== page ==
Migration from IPv4 to IPv6: It is Easier to Nail Jell-O to the Wall than Understand the Mandates and Timing
It has often been said that anything can be proved with statistics, and that may well be the case. This post describes an exercise in statistical analysis, in order to make some predictions about when certain events may take place; in this case, the date and time for the required transition from IPv4 to IPv6.
The growing popularity of mobile and fixed-network devices that require Internet connectivity is rapidly depleting the pool of available public IPv4 addresses. This rapidly approaching depletion of IPv4 address has been known for many years, but, the prognostication of the exact date and time for this situation has been argued many times, in many different and diverse venues. There has never been a credible agreement between the “experts,” either individually or as a member of a recognized group. What is universally agreed upon, however, is that this situation is now beginning to seriously impede emerging Internet markets around the world.
For instance, until the last five years, China has had fewer public IPv4 addresses allocated than Stanford University. And, the U.S. Department of Defense (DOD) had more IPv4 addresses than all of Asia. This wasn’t due to any geopolitical boycott of China or Asia. It’s just that this situation existed because when IP addresses were doled out 40 years ago, the Internet was a DOD project and Stanford was heavily involved. As a result, Stanford was awarded and kept a large block of addresses for themselves.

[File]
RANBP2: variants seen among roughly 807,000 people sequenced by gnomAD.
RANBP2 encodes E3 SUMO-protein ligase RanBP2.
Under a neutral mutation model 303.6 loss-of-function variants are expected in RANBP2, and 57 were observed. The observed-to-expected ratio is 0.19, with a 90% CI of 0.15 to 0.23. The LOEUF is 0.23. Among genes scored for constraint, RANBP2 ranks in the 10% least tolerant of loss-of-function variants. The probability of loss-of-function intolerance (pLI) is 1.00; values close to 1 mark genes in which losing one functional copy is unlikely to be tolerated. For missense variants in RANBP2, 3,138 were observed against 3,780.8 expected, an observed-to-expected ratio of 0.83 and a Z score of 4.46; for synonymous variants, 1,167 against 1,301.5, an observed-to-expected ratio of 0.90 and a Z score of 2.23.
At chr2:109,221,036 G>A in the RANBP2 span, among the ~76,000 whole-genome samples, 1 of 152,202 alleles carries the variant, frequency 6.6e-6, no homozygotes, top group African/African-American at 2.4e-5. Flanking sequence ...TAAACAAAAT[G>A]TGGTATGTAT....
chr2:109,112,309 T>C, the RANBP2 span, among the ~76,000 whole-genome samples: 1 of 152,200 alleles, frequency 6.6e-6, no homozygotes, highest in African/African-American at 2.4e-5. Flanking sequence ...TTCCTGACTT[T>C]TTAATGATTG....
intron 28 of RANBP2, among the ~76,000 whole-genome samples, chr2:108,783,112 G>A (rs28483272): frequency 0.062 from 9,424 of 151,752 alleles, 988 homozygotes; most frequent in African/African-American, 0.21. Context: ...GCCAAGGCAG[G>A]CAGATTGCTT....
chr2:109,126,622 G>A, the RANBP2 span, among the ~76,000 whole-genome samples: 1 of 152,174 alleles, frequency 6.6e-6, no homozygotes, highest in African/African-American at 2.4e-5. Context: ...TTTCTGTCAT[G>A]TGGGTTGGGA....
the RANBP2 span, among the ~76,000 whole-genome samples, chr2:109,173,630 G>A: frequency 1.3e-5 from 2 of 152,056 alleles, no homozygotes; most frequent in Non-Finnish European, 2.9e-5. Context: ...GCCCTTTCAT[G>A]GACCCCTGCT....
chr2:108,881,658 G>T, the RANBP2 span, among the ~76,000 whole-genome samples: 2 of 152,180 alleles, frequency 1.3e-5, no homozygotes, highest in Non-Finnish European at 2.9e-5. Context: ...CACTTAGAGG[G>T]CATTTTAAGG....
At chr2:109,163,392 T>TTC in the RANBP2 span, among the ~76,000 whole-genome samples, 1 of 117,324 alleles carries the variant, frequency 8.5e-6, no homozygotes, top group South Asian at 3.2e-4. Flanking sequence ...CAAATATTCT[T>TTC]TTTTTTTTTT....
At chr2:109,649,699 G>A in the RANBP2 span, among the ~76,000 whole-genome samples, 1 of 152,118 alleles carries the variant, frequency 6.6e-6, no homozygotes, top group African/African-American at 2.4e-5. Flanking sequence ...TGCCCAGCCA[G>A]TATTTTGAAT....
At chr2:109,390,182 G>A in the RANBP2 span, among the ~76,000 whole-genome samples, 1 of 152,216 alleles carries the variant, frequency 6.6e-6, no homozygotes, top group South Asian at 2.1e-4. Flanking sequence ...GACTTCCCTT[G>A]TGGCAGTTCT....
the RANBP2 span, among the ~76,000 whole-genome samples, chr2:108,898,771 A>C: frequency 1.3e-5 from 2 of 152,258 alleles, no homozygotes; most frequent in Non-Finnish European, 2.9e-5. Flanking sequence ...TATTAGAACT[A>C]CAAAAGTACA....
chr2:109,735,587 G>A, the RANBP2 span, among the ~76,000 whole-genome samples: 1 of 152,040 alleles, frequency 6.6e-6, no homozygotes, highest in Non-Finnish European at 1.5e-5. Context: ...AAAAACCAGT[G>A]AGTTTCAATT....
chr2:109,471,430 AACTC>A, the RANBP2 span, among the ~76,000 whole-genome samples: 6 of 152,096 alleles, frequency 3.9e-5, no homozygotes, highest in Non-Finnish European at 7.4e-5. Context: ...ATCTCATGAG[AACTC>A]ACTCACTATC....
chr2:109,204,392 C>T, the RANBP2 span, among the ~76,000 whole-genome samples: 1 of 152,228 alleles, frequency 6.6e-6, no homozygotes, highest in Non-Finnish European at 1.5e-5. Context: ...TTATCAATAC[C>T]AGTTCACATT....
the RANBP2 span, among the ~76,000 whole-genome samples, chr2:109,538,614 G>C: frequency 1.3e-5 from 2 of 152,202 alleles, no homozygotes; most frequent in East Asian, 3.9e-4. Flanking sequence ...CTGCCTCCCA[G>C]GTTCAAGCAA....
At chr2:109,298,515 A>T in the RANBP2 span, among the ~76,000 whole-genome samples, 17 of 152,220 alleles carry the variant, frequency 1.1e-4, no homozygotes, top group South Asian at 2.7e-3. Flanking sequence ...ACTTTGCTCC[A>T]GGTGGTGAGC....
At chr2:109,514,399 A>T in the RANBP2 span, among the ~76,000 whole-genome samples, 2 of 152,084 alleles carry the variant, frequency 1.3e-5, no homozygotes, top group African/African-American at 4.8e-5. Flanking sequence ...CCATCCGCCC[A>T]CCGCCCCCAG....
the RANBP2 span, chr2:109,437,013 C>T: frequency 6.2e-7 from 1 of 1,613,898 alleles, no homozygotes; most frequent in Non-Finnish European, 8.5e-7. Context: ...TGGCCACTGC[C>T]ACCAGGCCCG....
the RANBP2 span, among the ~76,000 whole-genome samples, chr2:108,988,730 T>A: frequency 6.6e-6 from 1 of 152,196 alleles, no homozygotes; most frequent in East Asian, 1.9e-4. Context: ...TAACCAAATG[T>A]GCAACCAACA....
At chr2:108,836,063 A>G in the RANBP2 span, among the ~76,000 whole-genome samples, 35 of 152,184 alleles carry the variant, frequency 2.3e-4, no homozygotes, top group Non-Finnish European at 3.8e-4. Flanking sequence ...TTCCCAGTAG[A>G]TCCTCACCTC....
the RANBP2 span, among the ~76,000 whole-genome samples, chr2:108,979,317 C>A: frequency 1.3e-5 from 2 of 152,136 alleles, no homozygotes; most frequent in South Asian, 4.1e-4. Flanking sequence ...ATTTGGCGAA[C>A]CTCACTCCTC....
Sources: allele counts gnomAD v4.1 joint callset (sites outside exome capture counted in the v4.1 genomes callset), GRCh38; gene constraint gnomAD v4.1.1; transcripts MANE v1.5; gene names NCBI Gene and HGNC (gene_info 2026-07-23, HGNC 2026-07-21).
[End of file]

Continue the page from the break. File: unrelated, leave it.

Asia, China in particular, following massive economic growth, is a relatively new and growing market for IPv6 because there is so little legacy infrastructure in place. With the accelerating growth in Chinese business and personal requirements for Internet connectivity, designers are going directly to IPv6 networks and only using bridge connections to IPv4. It is accepted within the industry that China and Taiwan are on track to design and directly install an impressive IPv6 infrastructure, whereas the private sector here in the U.S. is lagging well behind. This same growth, along with the associated need for large allocations of public IPv6 addresses, is also being seen in India.
The one exception to any fixed, drop-dead change over requirement is the Federal government, which has mandated that all government agency network backbones have to speak IPv6 in the very near future. However, in reality, there is considerable slippage in the migration dates.
The obvious solution to solve this approaching Internet shutout of new users is to move to IPv6, which has 128-bit addresses. That comes out to 340,282,366,920,938,463,463,374,607,431,768,211,456 possible public addresses. To put this incredible number into an easier-to-understand concept, these IPv6 addresses provide five IPv6 addresses for ever square meter on the face of the earth, including the water.
In most regards, IPv6 is a conservative extension of IPv4. Most transport and application-layer protocols need little or no change to operate over IPv6. Also, IPv6 specifies a new packet format, designed to minimize packet-header processing. Since the headers of IPv4 packets and IPv6 packets are significantly different, the two protocols are not interoperable.
While the two biggest reasons why network designers will want to migrate to IPv6 remain as the need for more public addresses and mandates from different government organizations, IPv6 includes some very attractive features and migration tools.